Share Email Print

Proceedings Paper

Wide field compact detector for hard x-ray polarization measurements
Author(s): W. Hajdas; N. Produit; E. Suarez-Garcia; F. Barao; C. Casella; K. Deiters; S. Deluit; C. Leluc; A. Mchedlishvilli; M. Pohl; D. Rapin; Ch. Tao; J.-P. Vialle; R. Walter; C. Wigger; A. Zehnder
Format Member Price Non-Member Price
PDF $17.00 $21.00

Paper Abstract

The polarization data in hard X-ray and gamma-ray energy regimes remain until now very scarce. Having in mind very large importance of the polarization information provided by astrophysical objects we propose a novel compact polarimeter POLAR. It utilizes Compton scattering process and is based on the detector array made of low-Z, fast scintillators. As the instrument with its relatively small dimensions and mass will be a non-intrusive one, it can be installed on any typical satellite platform. It has a sensitivity peak in the energy range from tens to several hundreds keV and a wide viewing angle covering almost a third of the sky. The main objects to be observed by POLAR will be Gamma Ray Bursts and X-Ray Flashes but also X-ray pulsars (Crab). The instrument response and measurement accuracy were intensively modeled and optimized in series of Monte Carlo simulations. It resulted in laboratory design that consists of 2304 plastic scintillator bars with dimension 6x6x200 mm3. The scintillator light is converted by an array of multi-anode photomultipliers. This arrangement assures both a large effective area for Compton scattering as well as a big polarization modulation factor. Moreover, both quantities keep large values also for gammas coming off the detector axis. Currently, a sequence of laboratory tests is performed using polarized photon sources of different energies and various experimental setups. The first experiment consists of small (8x8) array of nominal scintillators while the other one will utilize a large array (1536) of smaller bars (4x4x20 mm3) from the existing high energy project. The goal of these two measurements is to optimize the design, validate simulation results and test the prototype.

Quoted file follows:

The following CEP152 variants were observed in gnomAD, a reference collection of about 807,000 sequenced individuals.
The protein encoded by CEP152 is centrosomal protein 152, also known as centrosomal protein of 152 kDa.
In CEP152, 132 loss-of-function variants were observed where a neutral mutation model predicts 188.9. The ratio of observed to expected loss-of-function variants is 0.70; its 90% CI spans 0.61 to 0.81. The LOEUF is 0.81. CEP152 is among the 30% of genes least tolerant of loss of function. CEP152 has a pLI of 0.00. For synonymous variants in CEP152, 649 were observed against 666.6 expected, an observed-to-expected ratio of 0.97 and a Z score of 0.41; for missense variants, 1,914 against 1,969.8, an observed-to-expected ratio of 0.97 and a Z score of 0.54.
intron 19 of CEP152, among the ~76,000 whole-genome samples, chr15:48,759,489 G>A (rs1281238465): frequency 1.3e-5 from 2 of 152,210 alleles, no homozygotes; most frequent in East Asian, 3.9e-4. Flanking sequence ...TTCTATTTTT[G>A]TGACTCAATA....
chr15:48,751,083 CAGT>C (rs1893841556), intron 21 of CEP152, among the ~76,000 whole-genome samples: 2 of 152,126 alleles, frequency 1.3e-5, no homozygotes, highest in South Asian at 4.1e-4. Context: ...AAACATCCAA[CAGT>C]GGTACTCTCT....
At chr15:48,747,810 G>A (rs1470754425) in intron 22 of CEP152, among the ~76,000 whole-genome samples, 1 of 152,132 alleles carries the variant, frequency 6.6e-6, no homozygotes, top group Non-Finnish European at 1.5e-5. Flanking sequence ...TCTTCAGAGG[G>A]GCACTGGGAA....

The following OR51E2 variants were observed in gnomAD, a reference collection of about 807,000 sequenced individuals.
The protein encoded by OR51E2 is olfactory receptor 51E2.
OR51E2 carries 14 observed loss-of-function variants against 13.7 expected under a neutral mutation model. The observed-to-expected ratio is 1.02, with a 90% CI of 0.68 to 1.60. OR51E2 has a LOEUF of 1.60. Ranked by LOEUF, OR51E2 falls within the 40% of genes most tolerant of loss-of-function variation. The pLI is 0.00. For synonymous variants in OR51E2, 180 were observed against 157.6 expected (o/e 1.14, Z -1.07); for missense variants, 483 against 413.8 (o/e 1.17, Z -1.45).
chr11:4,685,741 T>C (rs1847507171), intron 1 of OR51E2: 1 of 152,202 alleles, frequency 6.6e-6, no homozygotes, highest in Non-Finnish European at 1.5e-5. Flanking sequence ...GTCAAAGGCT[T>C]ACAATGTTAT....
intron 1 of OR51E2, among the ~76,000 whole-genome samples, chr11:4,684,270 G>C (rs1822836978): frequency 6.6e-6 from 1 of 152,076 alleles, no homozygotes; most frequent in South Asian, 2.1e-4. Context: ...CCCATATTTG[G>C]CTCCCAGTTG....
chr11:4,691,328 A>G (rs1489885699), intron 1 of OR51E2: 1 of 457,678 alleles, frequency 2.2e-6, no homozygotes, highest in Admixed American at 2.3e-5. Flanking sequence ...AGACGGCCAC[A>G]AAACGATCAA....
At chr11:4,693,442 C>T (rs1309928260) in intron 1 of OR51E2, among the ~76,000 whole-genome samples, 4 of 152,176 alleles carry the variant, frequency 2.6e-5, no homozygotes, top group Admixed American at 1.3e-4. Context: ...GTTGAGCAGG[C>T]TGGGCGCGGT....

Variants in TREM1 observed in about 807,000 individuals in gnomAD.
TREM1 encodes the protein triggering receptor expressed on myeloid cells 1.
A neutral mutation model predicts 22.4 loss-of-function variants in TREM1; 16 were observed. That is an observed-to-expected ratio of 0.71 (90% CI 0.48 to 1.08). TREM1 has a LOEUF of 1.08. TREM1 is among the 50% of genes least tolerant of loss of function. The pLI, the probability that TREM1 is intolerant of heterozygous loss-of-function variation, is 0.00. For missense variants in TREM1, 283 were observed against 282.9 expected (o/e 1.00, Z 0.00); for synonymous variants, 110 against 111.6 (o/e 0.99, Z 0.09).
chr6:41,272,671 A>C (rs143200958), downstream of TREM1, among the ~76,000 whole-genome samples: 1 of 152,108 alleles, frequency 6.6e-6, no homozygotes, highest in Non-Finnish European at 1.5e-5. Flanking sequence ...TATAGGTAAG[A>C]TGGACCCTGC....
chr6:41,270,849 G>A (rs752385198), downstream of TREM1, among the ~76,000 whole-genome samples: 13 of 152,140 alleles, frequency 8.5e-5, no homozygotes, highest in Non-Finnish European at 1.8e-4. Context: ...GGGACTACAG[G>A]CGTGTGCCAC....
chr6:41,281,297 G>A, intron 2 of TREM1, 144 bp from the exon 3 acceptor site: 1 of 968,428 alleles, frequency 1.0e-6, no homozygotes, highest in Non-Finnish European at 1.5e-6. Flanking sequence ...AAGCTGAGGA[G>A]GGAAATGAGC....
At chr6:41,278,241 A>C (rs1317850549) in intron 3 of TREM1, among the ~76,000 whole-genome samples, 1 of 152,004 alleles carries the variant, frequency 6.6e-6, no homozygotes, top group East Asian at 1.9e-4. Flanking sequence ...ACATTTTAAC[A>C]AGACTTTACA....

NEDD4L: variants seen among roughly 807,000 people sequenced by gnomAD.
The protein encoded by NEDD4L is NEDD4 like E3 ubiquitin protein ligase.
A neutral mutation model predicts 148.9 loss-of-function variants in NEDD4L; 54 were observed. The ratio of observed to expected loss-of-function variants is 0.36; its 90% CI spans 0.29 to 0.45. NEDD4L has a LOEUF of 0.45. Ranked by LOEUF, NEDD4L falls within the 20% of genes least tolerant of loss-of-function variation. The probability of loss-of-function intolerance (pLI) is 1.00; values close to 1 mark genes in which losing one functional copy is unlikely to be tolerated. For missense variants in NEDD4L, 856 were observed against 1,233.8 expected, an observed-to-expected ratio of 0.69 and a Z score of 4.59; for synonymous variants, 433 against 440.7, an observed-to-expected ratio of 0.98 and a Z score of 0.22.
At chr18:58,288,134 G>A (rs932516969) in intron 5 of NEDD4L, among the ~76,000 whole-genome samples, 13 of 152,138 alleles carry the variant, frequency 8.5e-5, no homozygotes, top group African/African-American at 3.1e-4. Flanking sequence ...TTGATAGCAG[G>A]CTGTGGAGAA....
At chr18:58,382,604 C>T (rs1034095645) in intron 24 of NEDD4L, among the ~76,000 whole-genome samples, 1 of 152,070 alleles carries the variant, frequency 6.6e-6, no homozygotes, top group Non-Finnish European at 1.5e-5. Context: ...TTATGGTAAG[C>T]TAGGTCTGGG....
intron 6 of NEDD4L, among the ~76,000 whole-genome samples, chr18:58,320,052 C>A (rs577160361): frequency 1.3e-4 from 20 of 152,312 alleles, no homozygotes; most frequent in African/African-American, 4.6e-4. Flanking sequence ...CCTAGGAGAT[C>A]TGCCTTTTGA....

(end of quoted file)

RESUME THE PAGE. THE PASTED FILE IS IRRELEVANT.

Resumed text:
Paper Details

Date Published: 18 July 2006
PDF: 12 pages
Proc. SPIE 6266, Space Telescopes and Instrumentation II: Ultraviolet to Gamma Ray, 62662W (18 July 2006); doi: 10.1117/12.672067
Show Author Affiliations
W. Hajdas, PSI (Switzerland)
N. Produit, ISDC, Univ. de Geneve (Switzerland)
E. Suarez-Garcia, PSI (Switzerland)
F. Barao, LIP (Portugal)
C. Casella, DPNC, Univ. de Geneve (Switzerland)
K. Deiters, PSI (Switzerland)
S. Deluit, ISDC, Univ. de Geneve (Switzerland)
C. Leluc, DPNC, Univ. de Geneve (Switzerland)
A. Mchedlishvilli, PSI (Switzerland)
M. Pohl, DPNC, Univ. de Geneve (Switzerland)
D. Rapin, DPNC, Univ. de Geneve (Switzerland)
Ch. Tao, CPPM, Univ. de la Mediterranee (France)
J.-P. Vialle, LAPP, IN2P3, CNRS (France)
R. Walter, ISDC, Univ. de Geneve (Switzerland)
C. Wigger, PSI (Switzerland)
A. Zehnder, PSI (Switzerland)

Published in SPIE Proceedings Vol. 6266:
Space Telescopes and Instrumentation II: Ultraviolet to Gamma Ray
Martin J. L. Turner; Günther Hasinger, Editor(s)

© SPIE. Terms of Use
Back to Top
Sign in to read the full article
Create a free SPIE account to get access to
premium articles and original research
Forgot your username?